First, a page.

Arvind Kejriwal of Parivartan, an ngo working for right to information, says Delhi's water-privatization scheme proposed by wb could lead to an immediate, manifold hike in water rates. "The overheads and the maintenance cost for the distribution of water by the Delhi Jal Board was Rs 163 crore. If the new proposal is implemented, Rs 105 crore will be spent only on salaries of consultants working with the project," he says.

Acting as knowledge provider
Other speakers, including Shripad Dharmadhikary of Manthan Adhyayan Kendra, a Madhya Pradesh-based centre dealing with water and energy-related issues, spoke about how the bank was playing the role of knowledge provider. "Knowledge is being actively used to promote policies of liberalization, privatization and globalization," says Dharamadhikary. Referring to the Country Assistance Strategy 2005-08 of the bank, he notes, "At the centre, the bank could offer knowledge support to build consensus on key reforms, such as trade and tariff reforms, foreign direct investment (fdi) regulations, corporate restructuring and state-owned enterprise reforms." Earlier, the bank focused on "willing states", but now it is "proactively pushing reforms in states which may be reluctant", he adds.

Manju Menon and Kanchi Kohli, members of Delhi-based environmental group Kalpavriksh, critiqued the role of the bank in clearing environmentally and socially unsustainable projects. Referring to the Environmental Impact Assessment notification as a casualty, they argue that the tool for environmental decision-making was re-engineered by the bank's market-based solutions to compromise the spirit of participation and transparency in decision-making.

The World Bank denies the charges. Praful Patel, vice-president in charge of south Asia, says "The bank is largely supporting Indian-led initiatives. We are not designing programmes. We are putting money into well-designed programmes."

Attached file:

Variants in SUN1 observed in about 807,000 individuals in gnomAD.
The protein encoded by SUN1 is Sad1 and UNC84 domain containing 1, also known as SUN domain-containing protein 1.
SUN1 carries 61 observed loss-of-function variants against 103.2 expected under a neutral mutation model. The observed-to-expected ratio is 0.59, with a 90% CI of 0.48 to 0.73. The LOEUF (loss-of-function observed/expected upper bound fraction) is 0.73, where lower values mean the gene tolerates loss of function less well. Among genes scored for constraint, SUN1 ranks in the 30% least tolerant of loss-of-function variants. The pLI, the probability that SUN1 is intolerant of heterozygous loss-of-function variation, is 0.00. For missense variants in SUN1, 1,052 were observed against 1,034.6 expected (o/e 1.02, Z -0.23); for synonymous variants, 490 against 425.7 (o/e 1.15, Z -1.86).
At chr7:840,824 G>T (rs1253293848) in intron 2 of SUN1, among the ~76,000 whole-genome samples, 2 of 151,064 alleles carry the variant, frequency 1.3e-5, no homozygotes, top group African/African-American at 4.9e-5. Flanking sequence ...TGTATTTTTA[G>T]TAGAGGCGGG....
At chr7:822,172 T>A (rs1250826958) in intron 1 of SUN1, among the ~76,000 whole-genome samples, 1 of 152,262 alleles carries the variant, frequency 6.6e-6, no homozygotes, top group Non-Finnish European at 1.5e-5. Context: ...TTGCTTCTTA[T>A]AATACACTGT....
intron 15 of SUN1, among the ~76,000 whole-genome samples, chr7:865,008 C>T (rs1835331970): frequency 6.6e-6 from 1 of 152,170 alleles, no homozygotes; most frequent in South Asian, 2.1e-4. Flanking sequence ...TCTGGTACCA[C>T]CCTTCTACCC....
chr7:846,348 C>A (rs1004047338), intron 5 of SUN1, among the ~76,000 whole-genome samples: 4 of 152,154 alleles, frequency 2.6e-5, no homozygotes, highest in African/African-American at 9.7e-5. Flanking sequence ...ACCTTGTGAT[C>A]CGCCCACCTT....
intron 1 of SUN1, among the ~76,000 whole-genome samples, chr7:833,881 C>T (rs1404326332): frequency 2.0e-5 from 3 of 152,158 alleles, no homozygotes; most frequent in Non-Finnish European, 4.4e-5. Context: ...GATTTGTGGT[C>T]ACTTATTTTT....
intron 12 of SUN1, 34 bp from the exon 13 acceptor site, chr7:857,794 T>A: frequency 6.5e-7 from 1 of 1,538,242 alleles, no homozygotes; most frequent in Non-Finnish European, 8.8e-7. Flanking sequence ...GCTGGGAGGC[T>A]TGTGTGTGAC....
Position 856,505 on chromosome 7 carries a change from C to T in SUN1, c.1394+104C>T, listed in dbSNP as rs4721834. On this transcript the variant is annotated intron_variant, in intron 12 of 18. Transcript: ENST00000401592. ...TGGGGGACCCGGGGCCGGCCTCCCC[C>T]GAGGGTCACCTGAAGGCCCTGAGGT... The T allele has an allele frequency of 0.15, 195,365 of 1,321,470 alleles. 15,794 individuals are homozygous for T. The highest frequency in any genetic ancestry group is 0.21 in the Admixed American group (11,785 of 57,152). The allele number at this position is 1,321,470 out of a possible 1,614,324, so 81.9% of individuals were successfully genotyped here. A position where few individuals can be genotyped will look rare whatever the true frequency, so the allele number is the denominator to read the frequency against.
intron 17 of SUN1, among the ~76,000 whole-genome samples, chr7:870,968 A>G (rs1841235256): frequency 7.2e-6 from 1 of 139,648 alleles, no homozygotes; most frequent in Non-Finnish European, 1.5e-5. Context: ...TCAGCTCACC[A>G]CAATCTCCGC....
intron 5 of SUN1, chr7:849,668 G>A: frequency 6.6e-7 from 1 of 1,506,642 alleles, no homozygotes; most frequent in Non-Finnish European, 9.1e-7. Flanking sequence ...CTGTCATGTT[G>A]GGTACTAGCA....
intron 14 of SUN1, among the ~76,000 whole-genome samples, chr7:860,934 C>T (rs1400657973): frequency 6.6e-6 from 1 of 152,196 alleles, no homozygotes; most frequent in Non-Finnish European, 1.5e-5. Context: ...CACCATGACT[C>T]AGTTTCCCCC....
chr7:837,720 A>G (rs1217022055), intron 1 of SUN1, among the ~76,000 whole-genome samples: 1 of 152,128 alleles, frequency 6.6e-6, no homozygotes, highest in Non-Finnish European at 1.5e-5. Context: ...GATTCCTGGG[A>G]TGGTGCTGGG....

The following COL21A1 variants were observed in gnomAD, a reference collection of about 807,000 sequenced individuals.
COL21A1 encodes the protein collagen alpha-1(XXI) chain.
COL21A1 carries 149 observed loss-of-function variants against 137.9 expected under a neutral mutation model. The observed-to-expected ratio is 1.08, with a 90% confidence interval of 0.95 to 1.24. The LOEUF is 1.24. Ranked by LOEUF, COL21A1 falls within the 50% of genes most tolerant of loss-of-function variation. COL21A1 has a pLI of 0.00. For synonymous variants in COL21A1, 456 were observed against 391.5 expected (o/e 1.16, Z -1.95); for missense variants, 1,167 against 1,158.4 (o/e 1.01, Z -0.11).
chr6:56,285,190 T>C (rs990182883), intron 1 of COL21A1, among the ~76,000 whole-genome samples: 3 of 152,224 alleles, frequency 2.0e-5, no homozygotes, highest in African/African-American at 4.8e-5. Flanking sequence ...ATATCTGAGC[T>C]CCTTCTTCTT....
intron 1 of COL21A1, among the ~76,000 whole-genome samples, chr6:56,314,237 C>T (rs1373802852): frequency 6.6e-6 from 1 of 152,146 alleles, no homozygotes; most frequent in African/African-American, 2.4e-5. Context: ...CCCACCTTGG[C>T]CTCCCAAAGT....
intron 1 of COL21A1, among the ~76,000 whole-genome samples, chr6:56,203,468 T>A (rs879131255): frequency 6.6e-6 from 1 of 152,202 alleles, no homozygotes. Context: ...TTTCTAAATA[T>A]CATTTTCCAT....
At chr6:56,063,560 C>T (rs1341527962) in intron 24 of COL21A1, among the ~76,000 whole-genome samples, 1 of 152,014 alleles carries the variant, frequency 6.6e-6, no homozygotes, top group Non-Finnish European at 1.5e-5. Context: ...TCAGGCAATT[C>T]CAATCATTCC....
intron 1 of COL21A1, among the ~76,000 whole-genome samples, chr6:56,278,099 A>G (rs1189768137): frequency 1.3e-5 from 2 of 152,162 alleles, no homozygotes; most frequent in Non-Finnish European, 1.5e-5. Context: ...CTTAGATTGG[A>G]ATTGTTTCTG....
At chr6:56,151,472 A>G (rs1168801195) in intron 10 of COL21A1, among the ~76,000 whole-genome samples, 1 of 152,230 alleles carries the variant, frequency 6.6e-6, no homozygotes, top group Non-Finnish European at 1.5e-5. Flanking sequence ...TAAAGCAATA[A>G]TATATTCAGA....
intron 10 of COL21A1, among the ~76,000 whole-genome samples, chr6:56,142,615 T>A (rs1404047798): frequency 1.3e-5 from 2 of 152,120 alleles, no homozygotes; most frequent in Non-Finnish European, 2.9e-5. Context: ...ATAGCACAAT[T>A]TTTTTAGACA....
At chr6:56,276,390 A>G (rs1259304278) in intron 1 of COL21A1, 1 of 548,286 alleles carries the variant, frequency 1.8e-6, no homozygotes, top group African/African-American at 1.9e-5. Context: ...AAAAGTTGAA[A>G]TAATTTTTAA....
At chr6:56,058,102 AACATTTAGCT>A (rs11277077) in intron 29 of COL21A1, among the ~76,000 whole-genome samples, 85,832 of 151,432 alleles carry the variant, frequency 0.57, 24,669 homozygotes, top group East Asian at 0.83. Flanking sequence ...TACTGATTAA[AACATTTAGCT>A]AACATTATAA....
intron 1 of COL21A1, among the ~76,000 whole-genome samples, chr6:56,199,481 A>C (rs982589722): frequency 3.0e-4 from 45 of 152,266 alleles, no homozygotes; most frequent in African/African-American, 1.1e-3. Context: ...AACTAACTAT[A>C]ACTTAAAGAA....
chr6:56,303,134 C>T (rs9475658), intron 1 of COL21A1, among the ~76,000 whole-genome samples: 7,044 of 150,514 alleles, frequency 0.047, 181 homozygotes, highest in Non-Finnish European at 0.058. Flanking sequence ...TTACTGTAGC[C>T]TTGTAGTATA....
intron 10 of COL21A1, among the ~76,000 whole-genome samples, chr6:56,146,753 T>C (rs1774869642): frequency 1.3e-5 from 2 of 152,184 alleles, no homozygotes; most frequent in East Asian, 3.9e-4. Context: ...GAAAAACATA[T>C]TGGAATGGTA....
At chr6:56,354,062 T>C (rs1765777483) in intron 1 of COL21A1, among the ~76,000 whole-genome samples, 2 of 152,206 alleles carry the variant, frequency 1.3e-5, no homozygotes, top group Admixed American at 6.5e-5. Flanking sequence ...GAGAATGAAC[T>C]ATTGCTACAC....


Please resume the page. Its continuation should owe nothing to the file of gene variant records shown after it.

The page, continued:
Down to EarthDoes India need WB?
According to sources in the Union Ministry of Finance, there is no pressing need to borrow from wb. On the contrary, the bank needs India to survive. In 2005-06, India paid wb Rs 14,87.3 crore as interest on loans taken from its arms, the International Bank for Reconstruction and Development and the International Development Association.

India's gdp is growing at a rate of over 9 per cent and the country's revenue collections in 2006-07 stood at Rs 4,03,465 crore, marking an increase of 15.8 per cent over the past year's collections. The country's foreign currency reserves are at a record high of us $260 billion. fdi in 2006-07 was us $16 billion, three times the previous year's. "wb loans are just not necessary given the huge capital access we have now," says Ravindranath of Rural Volunteers, an ngo that monitors such lending.

So why does India borrow? India needs about us $40 billion by 2009 to improve irrigation, housing, water, electricity, telephones and roads. If the country invests in this, its fiscal deficit will increase. Therefore, it needs alternative sources of investment. "But spending on rural infrastructure and other pro-poor programmes hardly attracts private funding. Domestic banks are also not agreeing to lend money for such programmes," says a senior official of the economic affairs division of the finance ministry that deals with wb loans. It is under these circumstances that wb steps in.

Curiously, India too exploits the situation. The country is increasingly getting commercial loans from the bank. The central government lends the money borrowed from wb to states at a higher interest rate. Sources in the finance ministry say a loan with an interest rate of, say, 3 per cent from the bank turns into a loan at 6 per cent for states. Recently, the government allowed states to secure loans from the bank directly. This lessens the interest rate for states, but encourages them to take more loans. "States are now accumulating more debts. This is the case in Andhra Pradesh and Orissa," says Souporno Lahiri of the People's Forum Against adb, a coalition of organizations on multilateral development banks.

The bank justifies its increased lending to a middle-income country like India by citing the large number of poor people in the country. But the fact is that it needs to lend more to increase its earnings. And India has been its biggest customer, which has received about us $60 billion worth of assistance since the 1940s.

Currently, a fifth of the bank's new soft loans are paid for with repayments on past loans. It is estimated that in 20 years such repayments will finance almost all new soft loans. But the bank will still be short of meeting its administrative expenses. The bank's earning from its investments on its accumulated capital of around us $1 billion does not match its administrative budget of us $1.7 billion (2004). Thus, if wb does not lend more money now, its future business is at stake.